On his own business, it was considered he failed on the financial side, ie he had no opportunity to make more or less profit by his efficiency (he was paid for hours worked) and little financial risk. However, it did acknowledge the niche speciality skill he had which would be mainly required on a project rather than full-time basis.
On mutuality of undertakings, the Tribunal felt that the case law is progressively indicating that the test is of diminished importance, or that it is indeed nearly meaningless. There is a feature in this case where the phrase 'mutuality of undertakings' has some resonance. They recognised that contract workers will be dispensed with first and have no real benefits.
The decision whether Mr Spencer would or would not have ranked as an employee at the point in mid-2000 based on a notional contract, the Tribunal said that he would have been a contract worker, and not an employee.
The type of situation, where the Tribunal considered the contract worker analysis to be realistic is the one where:
- an individual has a particular area of expertise;
- that area of expertise is one that he has found has not enabled him to gain full time employment;
- the explanation for not gaining full-time employment is that the area of expertise is likely to be one that various companies might need, but not on an indefinite basis, but rather simply to complete a particular project;
- the type of work for which the worker is engaged is likely to be work outside the core work of the business.
- the individual has only been able to gain work through rendering his specialist expertise available through placement agents;
- the past pattern of work has confirmed all the above points of short engagements with different companies, and many unwanted gaps between engagements;
- the area of expertise is likely to be one where the client would indicate the project to be done, and the hoped-for time frame for completion of the project, but would not expect to be able to supervise or “control” the worker in any way, simply because the expert would be engaged to do something outside the expertise or competence of the company; and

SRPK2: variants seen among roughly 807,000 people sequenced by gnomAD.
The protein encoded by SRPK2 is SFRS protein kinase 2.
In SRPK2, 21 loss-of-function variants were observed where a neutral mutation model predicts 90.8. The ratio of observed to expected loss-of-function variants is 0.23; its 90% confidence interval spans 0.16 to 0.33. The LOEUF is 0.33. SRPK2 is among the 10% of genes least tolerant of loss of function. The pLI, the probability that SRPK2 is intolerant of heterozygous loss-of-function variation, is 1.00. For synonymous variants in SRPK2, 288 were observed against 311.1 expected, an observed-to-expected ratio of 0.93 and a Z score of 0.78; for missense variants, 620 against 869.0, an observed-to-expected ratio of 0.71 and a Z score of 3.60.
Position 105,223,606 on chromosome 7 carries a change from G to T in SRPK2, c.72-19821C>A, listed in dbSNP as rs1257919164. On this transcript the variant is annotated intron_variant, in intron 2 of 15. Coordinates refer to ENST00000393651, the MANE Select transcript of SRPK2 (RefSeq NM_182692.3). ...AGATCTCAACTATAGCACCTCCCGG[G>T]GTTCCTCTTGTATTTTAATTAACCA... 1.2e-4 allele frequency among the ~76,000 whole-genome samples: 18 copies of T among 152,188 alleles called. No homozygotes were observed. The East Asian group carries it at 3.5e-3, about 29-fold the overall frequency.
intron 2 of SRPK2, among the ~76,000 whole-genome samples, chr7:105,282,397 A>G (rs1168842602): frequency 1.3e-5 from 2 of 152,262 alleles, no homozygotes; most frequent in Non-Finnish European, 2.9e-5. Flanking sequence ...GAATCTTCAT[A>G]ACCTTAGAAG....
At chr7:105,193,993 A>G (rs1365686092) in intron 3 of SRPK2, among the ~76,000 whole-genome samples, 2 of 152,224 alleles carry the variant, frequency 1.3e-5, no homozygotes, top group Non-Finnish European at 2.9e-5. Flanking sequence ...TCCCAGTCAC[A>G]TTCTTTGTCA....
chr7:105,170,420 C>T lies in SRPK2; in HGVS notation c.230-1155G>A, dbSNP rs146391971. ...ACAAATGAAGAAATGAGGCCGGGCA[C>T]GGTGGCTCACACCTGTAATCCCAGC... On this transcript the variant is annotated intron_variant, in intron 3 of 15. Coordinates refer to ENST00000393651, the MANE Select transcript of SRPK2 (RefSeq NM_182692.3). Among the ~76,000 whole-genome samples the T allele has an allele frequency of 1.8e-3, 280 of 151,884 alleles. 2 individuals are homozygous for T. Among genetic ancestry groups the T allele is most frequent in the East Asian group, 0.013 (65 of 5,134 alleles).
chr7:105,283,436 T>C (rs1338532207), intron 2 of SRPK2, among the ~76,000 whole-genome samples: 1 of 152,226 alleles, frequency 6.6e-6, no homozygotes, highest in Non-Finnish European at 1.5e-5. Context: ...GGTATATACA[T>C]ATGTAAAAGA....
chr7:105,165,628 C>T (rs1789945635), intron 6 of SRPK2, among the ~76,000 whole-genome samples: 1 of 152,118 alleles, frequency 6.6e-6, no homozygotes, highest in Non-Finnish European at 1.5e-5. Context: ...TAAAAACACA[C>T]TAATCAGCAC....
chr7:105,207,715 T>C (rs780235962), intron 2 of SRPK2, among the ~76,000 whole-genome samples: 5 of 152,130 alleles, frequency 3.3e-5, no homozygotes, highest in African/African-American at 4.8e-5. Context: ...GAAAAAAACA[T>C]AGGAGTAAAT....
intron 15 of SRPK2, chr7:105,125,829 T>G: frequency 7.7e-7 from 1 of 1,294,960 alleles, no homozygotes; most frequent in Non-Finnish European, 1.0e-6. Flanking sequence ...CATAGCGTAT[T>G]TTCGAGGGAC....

- the company engaging the individual, engaging him for a project, would consider it quite inappropriate to provide holiday pay, pension benefit, and the other normal incidents of employment because they would all be inappropriate for such contract workers.
The Tribunal found that when Mr Spencer first entered into contracts with Allianz, all the above criteria were satisfied.However, the situation altogether changes, by the point in late 2003, when Allianz offered Mr Spencer either employment, or indefinite engagement, and when the parties moved to a pattern of annual renewals on a non-project basis.
The Tribunal said: "It seems perfectly evident to us that from that date onwards, Allianz regarded Mr Spencer as someone who they wished to engage and retain indefinitely, and when Mr Spencer continued to work for Allianz, and accepted yearly contract extensions, it seems realistic to say that his status must have changed. He would by then plainly not satisfy many of the tests ....above. He was engaged on an entirely personal basis. The substitution argument was basically irrelevant 'window-dressing'. If he was to be engaged indefinitely on a non-project basis, it seems likely that he was proving useful in numerous respects in relation to computers and IT, and no longer just undertaking his defined projects. So the 'control' argument becomes stronger. And fundamentally Allianz wants to engage him as a permanent member of the team.
"Our decision is accordingly that initially it would not have been appropriate to classify the notional relationship as one of employment. Certainly from January 2004, it would have been appropriate to regard the notional relationship as one of employment. We put the dividing line at December 31 2003 because it was at that time that he was offered indefinite work, and it was from that date that renewals were agreed on an annual basis, and from which no further reference was made to particular projects.
"We consider that it is possible that we have put the dividing-line in the wrong place, and that if we have done, the change-over to notional employee status would in fact have taken place well before 31 December 2003. We still consider, however, that the reason underlying the point in the last sentence of paragraph 59 is cogent, and we confirm that as the date when the status changed."
The Appeal was accordingly allowed in part.
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Susie Hughes © Shout99 2011